As the spring harvest approached, members of the Georgia Fruit and Vegetable Growers Association knew they would need assistance to provide important information about COVID-19 safety measures and food handling protocols to workers who make up the majority of the seasonal agricultural workforce, many of whom are native Spanish speakers.University of Georgia College of Agricultural and Environmental Sciences and Cooperative Extension faculty responded quickly by producing a COVID-19 safety video in Spanish that could be incorporated into farm employee trainings. UGA Extension Southwest District Director Andrea Scarrow, Tift County Extension Agent Justin Hand, and Assistant Professor Laurel Dunn in the UGA Department of Food Science and Technology were a part of the group that spearheaded the effort to quickly produce and distribute the video resources to producers throughout the state.Bill Brim, CEO of Lewis Taylor Farms in Tift County, previously worked with UGA Extension to develop financial education materials in Spanish for temporary workers at the farm, so he knew who to ask when the need for COVID-19 educational materials arose, Scarrow said.“Our growers, both small and large, depend on Extension to get immediate answers and help for all kinds of issues. Mr. Brim knew we had that capacity to develop resources in Spanish so he contacted us for that reason,” Scarrow said. “Our producers are in constant communication with our agriculture agents, they depend on us quite a bit. Our agents are very sensitive to the needs of farmworkers and the large Hispanic population we have in the area that supports farming, so we moved on it as fast as we could.”Working with Beth Oleson, a director of education and food safety for Georgia Fruit and Vegetable Growers Association, UGA Extension recruited the help of UGA Professor Francisco Diez, director of the UGA Center for Food Safety, and his wife, Claudia Buzo, a ServSafe consultant who trains Hispanic restaurant workers, to translate the video scripts and record the video in Spanish.“Dr. Dunn and I work together frequently on food safety issues. Crafting employee safety language was easy, but making sure we included CDC recommendations that seemed to be changing frequently was a challenge,” said Oleson. “Working with Dr. Diez and Buzo really made the video a success. Buzo’s experience with Hispanic employees helped guide the language and examples to make it approachable to the Spanish-speaking audience.”During the COVID-19 crisis, UGA Extension has been actively involved in getting research-based materials from faculty out to farms, packing houses, u-pick farms and other agricultural producers.“We enlisted the help of NC State Extension, which shared a lot of materials they had already translated into Spanish,” Dunn said. “This was great, but we felt we needed audio-visual resources to reach a greater number of Spanish-speaking workers.”Working with Oleson, Dunn developed a general script explaining what the COVID-19 disease is, where it came from, why it is different from other illnesses and why employers would have new safety rules this year.“It also showed workers how to protect themselves, explained why social distancing is important and outlined what modifications employers can and cannot require,” Dunn said.Diez and Buzo, who translated the script into Spanish, said they were happy to help communicate this important message to Spanish-speaking agricultural workers through the video, titled “Lo que necesita saber sobre el coronavirus” (“What you need to know about coronavirus”) available at www.youtube.com/watch?v=ugddqd8N0S4.“My wife and I are originally from Mexico and we are native Spanish speakers. In an urgent situation, such as the one we are in, information like this could make the difference between someone getting sick or not,” Diez said. “We are committed to helping the Hispanic community as much as we can, and many of the migrant workers who come to work on these farms are individuals with only a grade school or middle school education. We wanted to make sure to use simple language and messages so it would be useful and understandable.”The 24-minute video was distributed through the network of UGA Extension offices around the state and shared directly with producers. “This is most of what I do really, it is just the subject matter that changed,” said Dunn, a food microbiologist and Extension specialist. “Producers are used to hearing from me about salmonella and E. coli, so we just switched the message to keeping workers healthy.”The request for the video came in the day before a worker safety production training was to be held at Lewis Taylor Farms, a major agricultural producer in Tift County, so Hand said the UGA team worked throughout the night to get the video ready to show the next morning.“Jessica Kirk, director of food safety and marketing at Lewis Taylor Farms, talked to several of her crew leaders and some of the workers who said the video really helped the workers to understand the situation a lot better,” Hand said. “These workers came into the U.S. from Mexico and they didn’t know how much this had spread or how important safety is to stop the spread of this virus. They said it was easy to understand the video and they appreciated the message.”UGA Extension’s COVID-19 resources in English and Spanish are available at extension.uga.edu/emergencies. The Centers for Disease Control and Prevention also has print resources in multiple languages, including posters that describe how to stay healthy during this time, how to protect members of your household, proper hygiene and many other topics, available at www.cdc.gov/coronavirus/2019-ncov/communication/index.html.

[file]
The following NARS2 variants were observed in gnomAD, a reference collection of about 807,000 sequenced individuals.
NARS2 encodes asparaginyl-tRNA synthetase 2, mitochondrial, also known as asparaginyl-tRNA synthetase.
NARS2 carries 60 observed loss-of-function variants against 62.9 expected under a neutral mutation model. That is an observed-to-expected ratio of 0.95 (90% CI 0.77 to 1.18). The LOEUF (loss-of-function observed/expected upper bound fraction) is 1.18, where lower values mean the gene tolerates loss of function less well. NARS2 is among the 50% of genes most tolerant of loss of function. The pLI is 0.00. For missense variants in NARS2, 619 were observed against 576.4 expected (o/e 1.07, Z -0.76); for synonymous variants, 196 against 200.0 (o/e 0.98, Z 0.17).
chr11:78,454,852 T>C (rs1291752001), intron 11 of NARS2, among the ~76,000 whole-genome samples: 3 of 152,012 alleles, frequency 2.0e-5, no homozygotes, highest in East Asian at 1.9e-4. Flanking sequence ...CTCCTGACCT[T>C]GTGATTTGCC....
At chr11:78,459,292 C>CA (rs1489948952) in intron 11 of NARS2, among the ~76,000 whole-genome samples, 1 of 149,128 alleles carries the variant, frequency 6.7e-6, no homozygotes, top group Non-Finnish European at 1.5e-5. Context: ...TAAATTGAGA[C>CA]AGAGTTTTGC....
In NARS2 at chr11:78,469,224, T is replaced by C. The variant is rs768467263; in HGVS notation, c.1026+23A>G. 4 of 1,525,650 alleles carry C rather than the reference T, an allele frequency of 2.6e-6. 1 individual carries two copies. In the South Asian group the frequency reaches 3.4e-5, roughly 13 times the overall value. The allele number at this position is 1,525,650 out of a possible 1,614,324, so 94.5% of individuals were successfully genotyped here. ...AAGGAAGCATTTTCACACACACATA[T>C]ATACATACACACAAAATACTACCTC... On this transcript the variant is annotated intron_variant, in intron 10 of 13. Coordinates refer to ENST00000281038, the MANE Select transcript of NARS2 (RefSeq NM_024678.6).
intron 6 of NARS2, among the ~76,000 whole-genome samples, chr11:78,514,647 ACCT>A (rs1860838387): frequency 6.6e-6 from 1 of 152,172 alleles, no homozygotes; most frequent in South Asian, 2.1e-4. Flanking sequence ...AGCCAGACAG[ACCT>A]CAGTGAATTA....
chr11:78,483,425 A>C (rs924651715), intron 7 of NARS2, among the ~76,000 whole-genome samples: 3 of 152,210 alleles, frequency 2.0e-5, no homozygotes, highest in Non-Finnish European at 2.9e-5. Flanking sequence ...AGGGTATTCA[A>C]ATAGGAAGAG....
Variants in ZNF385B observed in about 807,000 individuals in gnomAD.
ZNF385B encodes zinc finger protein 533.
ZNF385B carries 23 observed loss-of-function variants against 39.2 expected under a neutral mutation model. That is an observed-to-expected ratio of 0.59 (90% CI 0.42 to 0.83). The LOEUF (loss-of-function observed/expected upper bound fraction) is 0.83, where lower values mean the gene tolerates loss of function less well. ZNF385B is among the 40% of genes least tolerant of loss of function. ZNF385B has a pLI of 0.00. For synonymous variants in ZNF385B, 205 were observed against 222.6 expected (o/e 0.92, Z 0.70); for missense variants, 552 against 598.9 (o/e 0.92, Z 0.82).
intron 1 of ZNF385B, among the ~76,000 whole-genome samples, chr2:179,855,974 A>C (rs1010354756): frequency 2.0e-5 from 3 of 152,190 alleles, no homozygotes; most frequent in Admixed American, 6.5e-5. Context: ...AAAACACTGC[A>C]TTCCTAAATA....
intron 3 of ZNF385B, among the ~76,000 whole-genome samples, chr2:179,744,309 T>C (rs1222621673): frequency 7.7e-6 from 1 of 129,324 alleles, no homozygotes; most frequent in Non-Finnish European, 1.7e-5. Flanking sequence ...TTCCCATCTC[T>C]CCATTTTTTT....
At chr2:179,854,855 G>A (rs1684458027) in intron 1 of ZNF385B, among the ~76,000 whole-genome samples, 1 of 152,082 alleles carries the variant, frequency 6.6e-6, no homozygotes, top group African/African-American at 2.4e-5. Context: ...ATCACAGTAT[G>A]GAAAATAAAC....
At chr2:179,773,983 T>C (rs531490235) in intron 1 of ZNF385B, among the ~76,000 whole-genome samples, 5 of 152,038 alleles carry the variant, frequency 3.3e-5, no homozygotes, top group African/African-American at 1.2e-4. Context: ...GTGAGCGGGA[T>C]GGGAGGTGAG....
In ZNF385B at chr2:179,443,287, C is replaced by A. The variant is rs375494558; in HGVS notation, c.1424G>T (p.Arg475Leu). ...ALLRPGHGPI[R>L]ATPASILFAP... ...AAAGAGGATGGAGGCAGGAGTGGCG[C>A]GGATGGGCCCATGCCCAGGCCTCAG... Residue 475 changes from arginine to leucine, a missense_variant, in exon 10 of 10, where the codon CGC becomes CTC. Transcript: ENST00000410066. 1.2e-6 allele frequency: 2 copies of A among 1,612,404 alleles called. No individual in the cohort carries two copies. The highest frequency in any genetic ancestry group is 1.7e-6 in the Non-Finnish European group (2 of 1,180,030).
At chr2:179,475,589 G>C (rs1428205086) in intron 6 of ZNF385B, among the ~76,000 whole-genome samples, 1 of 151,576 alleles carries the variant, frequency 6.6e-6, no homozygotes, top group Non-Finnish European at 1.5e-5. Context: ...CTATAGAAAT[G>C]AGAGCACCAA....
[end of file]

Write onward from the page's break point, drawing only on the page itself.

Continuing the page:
ShareShareSharePrintMailGooglePinterestDiggRedditStumbleuponDeliciousBufferTumblr continue reading » Charging that any postal banking deal between the U.S. Postal Service and JPMorgan Chase would be an invitation for corruption, the trade group representing the nation’s community banks on Monday asked the Postal Regulatory Commission to investigate reports of such a deal.“Any exclusive arrangement, negotiated behind closed doors, to allow a profit-driven entity to leverage the USPS branch network is a formula for corruption and should be a serious concern to all Americans who care about the integrity of our public institutions,” Rebeca Romero Rainey, president/CEO of the Independent Community Bankers of America wrote in a letter to Robert Taub, chairman of the regulatory commission.A Postal Service spokeswoman last week confirmed that there have been discussions of allowing JPMorgan Chase to provide limited banking services in post offices.“To clarify, we had early conversations a while ago about what it might look like to lease space on property for a small handful of ATMs,” the spokeswoman said. “There’s no agreement in place to do so and no imminent plans.” She said those discussions took place before the coronavirus crisis developed.